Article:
Bilingual discourse markers in
Chicago Spanish
Lourdes Torres
De Paul University, Chicago
Kim Potowski
The University of Illinois at Chicago
Discourse markers
Words such as so, yeah,
you know, I mean, etc.
Mark relationships
across utterances. Local &
global meanings.
Contribute to the coherence
of discourse.
There are various possible outcomes in language contact
situations when two discourse marker systems are
available to speakers, including:
1) They will coexist and overlap in function.
2) They will coexist and acquire differentiated
meanings.
3) The markers in one language will replace those of the
other language.
COEXISTENCE
Hill & Hill (1986), Brody (1987): Spanish markers co-occur with Mayan markers and
fulfill similar roles.
Aaron (2004): discourse markers in New Mexican Spanish were in free variation.
Fuller (2001) argues that such lack of complementary distribution does not bode well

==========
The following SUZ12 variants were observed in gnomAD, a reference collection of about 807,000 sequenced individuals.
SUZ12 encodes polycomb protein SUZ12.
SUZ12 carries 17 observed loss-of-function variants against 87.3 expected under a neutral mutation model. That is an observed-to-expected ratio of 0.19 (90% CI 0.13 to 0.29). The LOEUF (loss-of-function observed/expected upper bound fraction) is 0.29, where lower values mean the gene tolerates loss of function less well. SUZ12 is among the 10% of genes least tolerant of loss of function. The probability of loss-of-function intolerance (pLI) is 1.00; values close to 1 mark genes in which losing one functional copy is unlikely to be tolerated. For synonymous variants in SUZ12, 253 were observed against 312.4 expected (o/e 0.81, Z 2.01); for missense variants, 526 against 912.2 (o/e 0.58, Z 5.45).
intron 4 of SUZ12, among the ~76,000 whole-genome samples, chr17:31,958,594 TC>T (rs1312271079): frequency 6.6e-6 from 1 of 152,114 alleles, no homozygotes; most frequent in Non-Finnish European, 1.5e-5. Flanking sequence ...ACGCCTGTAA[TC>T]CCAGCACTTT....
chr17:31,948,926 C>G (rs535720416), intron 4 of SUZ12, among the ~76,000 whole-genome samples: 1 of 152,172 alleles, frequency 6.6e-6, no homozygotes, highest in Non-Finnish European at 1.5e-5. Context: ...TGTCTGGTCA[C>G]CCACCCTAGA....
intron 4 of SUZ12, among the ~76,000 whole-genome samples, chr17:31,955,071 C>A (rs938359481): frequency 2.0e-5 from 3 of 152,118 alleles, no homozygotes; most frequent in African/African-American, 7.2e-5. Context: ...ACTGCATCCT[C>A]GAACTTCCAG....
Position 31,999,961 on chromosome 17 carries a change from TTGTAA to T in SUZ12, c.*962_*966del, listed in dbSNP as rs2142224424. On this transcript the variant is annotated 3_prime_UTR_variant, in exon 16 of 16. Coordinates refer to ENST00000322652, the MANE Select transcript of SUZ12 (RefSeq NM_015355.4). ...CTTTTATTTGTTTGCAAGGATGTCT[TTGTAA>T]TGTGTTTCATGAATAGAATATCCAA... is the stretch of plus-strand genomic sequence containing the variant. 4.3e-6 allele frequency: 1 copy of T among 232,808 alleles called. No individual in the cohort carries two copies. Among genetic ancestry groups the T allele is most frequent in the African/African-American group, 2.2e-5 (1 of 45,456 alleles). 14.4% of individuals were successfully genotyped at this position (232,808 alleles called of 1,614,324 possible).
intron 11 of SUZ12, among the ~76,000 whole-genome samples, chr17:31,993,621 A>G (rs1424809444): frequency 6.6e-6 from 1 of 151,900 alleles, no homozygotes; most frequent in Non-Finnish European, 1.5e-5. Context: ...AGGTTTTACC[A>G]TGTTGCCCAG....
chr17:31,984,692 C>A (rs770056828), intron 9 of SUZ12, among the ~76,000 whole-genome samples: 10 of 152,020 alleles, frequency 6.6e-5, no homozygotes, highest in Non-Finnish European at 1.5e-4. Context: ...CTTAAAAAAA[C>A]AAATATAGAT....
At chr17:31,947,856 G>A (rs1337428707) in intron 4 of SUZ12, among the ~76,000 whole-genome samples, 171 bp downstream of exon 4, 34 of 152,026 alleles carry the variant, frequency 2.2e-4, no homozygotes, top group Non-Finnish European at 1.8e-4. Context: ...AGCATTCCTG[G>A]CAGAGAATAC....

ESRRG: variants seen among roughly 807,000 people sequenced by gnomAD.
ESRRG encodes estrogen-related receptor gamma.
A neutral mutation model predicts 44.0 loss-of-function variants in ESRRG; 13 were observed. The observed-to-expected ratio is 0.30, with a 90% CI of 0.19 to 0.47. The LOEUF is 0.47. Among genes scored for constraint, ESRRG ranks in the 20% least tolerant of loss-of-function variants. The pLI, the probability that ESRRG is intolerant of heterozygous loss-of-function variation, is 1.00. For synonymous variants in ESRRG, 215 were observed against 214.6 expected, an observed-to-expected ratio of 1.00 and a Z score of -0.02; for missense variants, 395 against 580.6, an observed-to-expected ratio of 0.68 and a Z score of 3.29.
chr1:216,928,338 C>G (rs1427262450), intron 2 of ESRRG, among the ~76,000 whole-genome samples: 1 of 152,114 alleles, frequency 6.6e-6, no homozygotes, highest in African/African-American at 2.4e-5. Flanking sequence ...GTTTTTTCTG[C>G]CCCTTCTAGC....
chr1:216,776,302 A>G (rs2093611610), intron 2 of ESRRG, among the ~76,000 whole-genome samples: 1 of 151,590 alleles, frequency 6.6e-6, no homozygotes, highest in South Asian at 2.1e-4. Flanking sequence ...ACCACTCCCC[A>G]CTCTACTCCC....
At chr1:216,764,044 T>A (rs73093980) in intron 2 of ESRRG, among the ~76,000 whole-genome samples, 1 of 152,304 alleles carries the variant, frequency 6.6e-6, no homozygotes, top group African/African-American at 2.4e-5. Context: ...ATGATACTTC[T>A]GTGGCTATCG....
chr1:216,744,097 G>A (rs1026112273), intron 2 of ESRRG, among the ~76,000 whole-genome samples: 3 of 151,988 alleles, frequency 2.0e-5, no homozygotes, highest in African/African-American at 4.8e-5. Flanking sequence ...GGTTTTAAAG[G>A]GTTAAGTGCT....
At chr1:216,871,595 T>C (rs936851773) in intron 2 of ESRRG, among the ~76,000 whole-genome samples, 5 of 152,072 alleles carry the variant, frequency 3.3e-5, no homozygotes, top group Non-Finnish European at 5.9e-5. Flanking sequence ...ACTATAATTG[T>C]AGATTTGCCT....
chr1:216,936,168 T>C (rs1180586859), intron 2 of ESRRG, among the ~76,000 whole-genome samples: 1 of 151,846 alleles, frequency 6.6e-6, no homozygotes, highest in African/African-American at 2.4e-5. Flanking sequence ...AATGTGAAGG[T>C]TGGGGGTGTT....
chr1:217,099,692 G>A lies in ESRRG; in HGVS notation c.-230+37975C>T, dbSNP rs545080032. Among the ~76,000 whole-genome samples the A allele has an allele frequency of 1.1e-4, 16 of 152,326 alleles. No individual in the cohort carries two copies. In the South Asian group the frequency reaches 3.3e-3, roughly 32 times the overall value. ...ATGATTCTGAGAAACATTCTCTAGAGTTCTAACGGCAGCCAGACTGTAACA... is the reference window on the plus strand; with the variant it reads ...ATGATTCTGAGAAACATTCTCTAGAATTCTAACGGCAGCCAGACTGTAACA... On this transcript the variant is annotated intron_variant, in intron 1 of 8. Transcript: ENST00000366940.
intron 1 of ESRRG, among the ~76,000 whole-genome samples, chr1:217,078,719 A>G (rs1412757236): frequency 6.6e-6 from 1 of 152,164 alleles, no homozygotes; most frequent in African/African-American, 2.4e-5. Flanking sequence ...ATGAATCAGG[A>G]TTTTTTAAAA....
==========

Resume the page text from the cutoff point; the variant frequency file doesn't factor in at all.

for the maintenance of the subordinate markers.
REPLACEMENT
DIFFERENTIATED
MEANINGS
Solomon (1995): so and entonces are
differentiated in Yucatec Mayan
narratives.
Goss and Salmons (2000): As Texas
German proficiency decreases,
English discourse markers replace
German discourse markers.
Hlavac (2006): Those English discourse
markers that were replacing Croatian
discourse markers had a greater range
of functions.
de Rooj (2000): French markers are
replacing Swahili in low proficiency
speakers.
Studies of markers in U.S. Spanish
Torres (2002): so and entonces coexisted among NY PRs. So was used much
more frequently as English proficiency increased.
Aaron (2004): so and entonces coexist among New Mexican bilinguals.
Lipski (2005): Review of literature. So is found at all Spanish proficiency
levels  should be considered differently than other lexical borrowings
because they happen “below level of awareness.”
Said Mohand (2006): so used more frequently and entonces less frequently as
Spanish proficiency decreased.
Main conclusion: so is an integrated loan.
Our study
Seeks to describe Chicago Spanish, including
maintenance & shift, dialect leveling between MX &
PR, changes in progress, attitudes, etc.
so vs. entonces
51 interviews
1,363 tokens of “so” and “entonces” (most